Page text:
Abstract:  Jewish Women International (f. 1897) began in San Francisco to promote social activities among B'nai B'rith families. The first B'nai B'rith auxiliary was founded in 1909, and auxiliaries grew rapidly in the 1920s and 1930s to 178 groups and over 17,000 members reaching a peak in the 1950s with 600 chapters. In 1963 B'nai B'rith Women became an independent organization. The organization's mission has adapted to changing issues facing women, children, and families, including anti-Semitism, reproductive rights, and domestic violence. In 1995 the organization changed its name to Jewish Women International. In Cleveland, Ohio, the first chapter of B'nai B'rith Women was the Heights Chapter #119, founded in 1933, followed one month later by the Cleveland Chapter #121. During the 1930s and 1940s eleven more chapters were created, with one more in the 1950s. In addition, Cleveland chapters assisted in the organization of Women's District Grand Lodge No. 2, which included several midwestern states. The district was headed by Clevelanders Mrs. David Copland in 1936 and Lydia Woldman in 1940. In 1953, Woldman also served as president of the Women's Supreme Council, the national body which coordinated 620 chapters. Declining numbers in the 1980s caused a restructuring of the local chapters, combining twelve chapters into one new chapter, #1736, consisting of 1,500 women. The collection consists of announcements, bulletins, correspondence, budgets, flyers, invitations, lists, minutes, programs, and speeches.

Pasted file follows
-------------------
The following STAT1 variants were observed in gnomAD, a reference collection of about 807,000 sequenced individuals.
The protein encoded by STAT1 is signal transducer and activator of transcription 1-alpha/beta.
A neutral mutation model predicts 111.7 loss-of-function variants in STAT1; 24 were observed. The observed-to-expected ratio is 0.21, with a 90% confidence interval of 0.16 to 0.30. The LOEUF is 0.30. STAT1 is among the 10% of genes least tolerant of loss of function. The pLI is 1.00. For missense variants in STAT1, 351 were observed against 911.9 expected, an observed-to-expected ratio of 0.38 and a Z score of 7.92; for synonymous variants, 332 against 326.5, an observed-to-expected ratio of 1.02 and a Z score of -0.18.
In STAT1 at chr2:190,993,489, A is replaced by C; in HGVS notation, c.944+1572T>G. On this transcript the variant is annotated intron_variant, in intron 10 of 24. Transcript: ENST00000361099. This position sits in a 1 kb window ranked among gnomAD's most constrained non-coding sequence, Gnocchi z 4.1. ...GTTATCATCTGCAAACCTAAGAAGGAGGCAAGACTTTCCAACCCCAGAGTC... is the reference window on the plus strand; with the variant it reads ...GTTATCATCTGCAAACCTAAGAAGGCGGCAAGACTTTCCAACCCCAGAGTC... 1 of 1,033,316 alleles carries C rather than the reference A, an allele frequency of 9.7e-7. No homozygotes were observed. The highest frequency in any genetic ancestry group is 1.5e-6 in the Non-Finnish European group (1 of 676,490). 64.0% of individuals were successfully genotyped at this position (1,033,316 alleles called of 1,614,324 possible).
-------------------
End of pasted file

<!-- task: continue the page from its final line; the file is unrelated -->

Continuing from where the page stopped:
Call #:  MS 5141 
 Extent:  0.60 linear feet (2 containers) 
 Subjects:  Charities -- Ohio -- Cleveland. | Jewish women -- Ohio -- Cleveland -- Societies and clubs. | Jewish Women International (Organization). Cleveland Chapter. | Jews -- Ohio -- Cleveland -- Charities. | Women -- Ohio -- Cleveland -- Societies and clubs. | Women in charitable work -- Ohio -- Cleveland. | Women volunteers in social service -- Ohio -- Cleveland.